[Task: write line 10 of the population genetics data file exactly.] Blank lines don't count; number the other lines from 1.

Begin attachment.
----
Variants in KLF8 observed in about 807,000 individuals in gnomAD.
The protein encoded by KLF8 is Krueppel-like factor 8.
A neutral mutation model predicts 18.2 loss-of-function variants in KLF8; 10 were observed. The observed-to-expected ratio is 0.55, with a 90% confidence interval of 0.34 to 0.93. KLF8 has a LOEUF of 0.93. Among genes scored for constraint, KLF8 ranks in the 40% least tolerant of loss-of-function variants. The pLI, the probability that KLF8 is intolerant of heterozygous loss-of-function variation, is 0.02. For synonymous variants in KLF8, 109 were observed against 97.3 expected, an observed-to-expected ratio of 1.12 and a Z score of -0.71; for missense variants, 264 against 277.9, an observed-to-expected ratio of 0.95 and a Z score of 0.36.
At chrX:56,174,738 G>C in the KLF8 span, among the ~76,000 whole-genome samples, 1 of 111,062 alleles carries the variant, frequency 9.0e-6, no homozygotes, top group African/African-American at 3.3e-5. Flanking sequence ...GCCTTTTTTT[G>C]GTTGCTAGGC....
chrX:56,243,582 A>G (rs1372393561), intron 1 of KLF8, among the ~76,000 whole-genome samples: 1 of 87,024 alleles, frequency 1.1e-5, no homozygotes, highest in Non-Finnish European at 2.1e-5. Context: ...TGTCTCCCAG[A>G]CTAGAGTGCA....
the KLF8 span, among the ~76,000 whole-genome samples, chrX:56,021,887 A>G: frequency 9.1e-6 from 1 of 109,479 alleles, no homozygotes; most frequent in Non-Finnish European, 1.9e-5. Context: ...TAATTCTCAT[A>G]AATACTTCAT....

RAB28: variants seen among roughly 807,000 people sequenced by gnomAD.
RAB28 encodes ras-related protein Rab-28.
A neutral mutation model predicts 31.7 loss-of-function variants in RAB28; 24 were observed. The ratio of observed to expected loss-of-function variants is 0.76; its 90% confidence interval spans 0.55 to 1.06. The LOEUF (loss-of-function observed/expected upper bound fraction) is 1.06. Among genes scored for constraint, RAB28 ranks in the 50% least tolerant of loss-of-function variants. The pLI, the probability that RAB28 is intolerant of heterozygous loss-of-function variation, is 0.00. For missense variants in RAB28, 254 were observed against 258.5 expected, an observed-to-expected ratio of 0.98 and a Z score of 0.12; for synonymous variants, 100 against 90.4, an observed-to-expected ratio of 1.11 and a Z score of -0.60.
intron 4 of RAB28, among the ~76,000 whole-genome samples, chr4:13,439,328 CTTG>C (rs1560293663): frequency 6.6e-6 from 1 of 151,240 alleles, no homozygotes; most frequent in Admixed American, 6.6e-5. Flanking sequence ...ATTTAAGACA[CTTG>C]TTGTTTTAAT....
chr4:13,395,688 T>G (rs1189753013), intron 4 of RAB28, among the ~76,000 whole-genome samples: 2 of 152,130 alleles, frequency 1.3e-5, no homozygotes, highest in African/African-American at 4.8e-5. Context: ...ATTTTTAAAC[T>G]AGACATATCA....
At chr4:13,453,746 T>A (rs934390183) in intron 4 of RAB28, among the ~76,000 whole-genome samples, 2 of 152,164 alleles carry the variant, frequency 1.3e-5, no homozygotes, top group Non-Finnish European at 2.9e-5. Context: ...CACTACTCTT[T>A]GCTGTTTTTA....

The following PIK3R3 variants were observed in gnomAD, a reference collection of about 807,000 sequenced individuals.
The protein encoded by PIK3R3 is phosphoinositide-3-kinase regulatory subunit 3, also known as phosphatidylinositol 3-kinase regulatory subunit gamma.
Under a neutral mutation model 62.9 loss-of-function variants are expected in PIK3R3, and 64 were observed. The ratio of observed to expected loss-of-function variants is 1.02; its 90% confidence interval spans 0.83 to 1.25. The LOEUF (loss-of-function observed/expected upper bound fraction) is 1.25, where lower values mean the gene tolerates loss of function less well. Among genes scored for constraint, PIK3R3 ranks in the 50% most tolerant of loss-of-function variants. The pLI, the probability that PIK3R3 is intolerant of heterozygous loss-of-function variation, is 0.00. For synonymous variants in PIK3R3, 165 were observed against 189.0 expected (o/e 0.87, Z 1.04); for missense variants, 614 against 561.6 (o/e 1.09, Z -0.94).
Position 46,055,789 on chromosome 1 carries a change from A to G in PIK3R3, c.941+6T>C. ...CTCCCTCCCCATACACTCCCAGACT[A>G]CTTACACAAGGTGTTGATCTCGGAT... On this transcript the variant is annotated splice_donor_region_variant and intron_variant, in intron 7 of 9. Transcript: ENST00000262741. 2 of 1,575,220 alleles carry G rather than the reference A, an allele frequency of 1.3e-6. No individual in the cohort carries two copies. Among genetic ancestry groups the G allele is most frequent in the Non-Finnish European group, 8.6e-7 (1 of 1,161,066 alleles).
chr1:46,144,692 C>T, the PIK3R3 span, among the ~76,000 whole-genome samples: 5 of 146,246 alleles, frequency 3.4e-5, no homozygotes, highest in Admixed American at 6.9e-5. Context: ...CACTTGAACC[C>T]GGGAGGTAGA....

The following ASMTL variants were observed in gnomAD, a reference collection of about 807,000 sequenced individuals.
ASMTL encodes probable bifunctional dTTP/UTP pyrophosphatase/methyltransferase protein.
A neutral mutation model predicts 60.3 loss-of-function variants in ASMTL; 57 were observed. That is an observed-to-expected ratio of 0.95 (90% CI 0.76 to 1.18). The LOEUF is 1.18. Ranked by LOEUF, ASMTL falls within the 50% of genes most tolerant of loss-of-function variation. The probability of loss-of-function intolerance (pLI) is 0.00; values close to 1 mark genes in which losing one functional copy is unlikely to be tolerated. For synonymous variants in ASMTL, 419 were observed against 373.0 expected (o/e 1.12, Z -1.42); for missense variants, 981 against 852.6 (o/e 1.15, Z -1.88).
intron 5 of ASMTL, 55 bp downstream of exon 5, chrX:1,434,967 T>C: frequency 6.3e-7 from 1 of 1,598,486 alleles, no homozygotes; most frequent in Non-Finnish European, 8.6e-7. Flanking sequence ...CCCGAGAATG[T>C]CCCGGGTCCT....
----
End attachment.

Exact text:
intron 4 of RAB28, among the ~76,000 whole-genome samples, chr4:13,439,328 CTTG>C (rs1560293663): frequency 6.6e-6 from 1 of 151,240 alleles, no homozygotes; most frequent in Admixed American, 6.6e-5. Flanking sequence ...ATTTAAGACA[CTTG>C]TTGTTTTAAT....